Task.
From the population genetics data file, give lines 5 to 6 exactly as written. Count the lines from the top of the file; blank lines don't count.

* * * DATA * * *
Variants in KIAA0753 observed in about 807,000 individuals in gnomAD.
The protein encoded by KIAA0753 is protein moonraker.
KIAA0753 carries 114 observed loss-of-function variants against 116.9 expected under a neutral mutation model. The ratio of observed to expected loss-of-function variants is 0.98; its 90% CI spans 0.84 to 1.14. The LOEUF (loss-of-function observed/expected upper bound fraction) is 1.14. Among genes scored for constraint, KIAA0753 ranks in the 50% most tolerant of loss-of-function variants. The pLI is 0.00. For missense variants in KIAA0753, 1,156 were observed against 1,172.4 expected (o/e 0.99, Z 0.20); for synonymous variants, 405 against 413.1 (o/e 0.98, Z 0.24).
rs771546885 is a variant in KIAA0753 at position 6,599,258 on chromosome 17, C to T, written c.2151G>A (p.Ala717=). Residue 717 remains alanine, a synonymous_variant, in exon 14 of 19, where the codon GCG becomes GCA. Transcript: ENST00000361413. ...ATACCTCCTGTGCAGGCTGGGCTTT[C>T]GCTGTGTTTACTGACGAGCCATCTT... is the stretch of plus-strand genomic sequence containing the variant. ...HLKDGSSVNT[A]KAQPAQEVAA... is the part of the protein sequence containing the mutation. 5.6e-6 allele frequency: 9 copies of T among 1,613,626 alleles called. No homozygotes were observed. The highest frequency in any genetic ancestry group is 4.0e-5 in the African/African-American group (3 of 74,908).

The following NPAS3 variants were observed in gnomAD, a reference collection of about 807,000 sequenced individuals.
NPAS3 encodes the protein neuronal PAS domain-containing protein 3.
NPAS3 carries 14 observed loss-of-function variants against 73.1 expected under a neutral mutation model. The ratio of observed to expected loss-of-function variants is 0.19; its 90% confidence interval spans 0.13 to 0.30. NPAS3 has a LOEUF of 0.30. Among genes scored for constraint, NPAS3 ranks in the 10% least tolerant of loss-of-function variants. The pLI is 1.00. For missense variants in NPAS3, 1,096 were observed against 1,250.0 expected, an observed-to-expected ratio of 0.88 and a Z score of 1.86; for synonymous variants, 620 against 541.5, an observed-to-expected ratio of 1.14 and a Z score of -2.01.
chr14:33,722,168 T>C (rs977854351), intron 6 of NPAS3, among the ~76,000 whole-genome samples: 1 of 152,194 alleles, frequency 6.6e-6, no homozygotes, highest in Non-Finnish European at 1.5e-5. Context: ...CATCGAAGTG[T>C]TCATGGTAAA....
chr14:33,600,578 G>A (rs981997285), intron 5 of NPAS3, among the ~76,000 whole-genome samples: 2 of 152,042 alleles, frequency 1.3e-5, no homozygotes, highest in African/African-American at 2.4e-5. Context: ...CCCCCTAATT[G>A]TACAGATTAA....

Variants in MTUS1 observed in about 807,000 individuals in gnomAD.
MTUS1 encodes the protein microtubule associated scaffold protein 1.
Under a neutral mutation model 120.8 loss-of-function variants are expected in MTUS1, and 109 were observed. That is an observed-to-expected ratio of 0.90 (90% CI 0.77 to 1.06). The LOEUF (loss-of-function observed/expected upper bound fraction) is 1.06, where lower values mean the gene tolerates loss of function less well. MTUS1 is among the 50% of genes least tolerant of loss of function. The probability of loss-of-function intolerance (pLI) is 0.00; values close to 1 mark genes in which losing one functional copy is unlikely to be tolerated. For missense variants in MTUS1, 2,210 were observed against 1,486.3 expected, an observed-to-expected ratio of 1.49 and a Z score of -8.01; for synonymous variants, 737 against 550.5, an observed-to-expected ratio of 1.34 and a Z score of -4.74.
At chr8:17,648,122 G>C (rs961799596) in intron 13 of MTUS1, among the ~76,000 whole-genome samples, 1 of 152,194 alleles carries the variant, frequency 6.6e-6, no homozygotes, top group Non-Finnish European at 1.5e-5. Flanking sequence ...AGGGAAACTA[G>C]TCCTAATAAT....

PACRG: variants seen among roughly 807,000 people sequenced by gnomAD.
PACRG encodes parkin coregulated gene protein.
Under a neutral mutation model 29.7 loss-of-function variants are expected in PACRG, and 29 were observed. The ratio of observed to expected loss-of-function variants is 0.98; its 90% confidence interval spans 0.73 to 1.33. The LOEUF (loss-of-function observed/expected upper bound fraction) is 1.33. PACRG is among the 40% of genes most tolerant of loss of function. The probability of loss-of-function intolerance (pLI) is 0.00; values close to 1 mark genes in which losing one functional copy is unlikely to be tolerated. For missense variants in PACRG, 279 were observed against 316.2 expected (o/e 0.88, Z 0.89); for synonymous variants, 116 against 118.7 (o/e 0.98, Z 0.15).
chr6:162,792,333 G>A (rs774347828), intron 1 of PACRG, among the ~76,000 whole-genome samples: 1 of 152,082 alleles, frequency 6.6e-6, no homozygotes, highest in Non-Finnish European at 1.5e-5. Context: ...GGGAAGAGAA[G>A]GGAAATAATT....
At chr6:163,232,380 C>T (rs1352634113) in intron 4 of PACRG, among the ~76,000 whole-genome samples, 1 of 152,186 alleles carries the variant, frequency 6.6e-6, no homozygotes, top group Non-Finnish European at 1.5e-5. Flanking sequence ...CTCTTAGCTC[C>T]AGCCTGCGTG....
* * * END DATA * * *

The following NPAS3 variants were observed in gnomAD, a reference collection of about 807,000 sequenced individuals.
NPAS3 encodes the protein neuronal PAS domain-containing protein 3.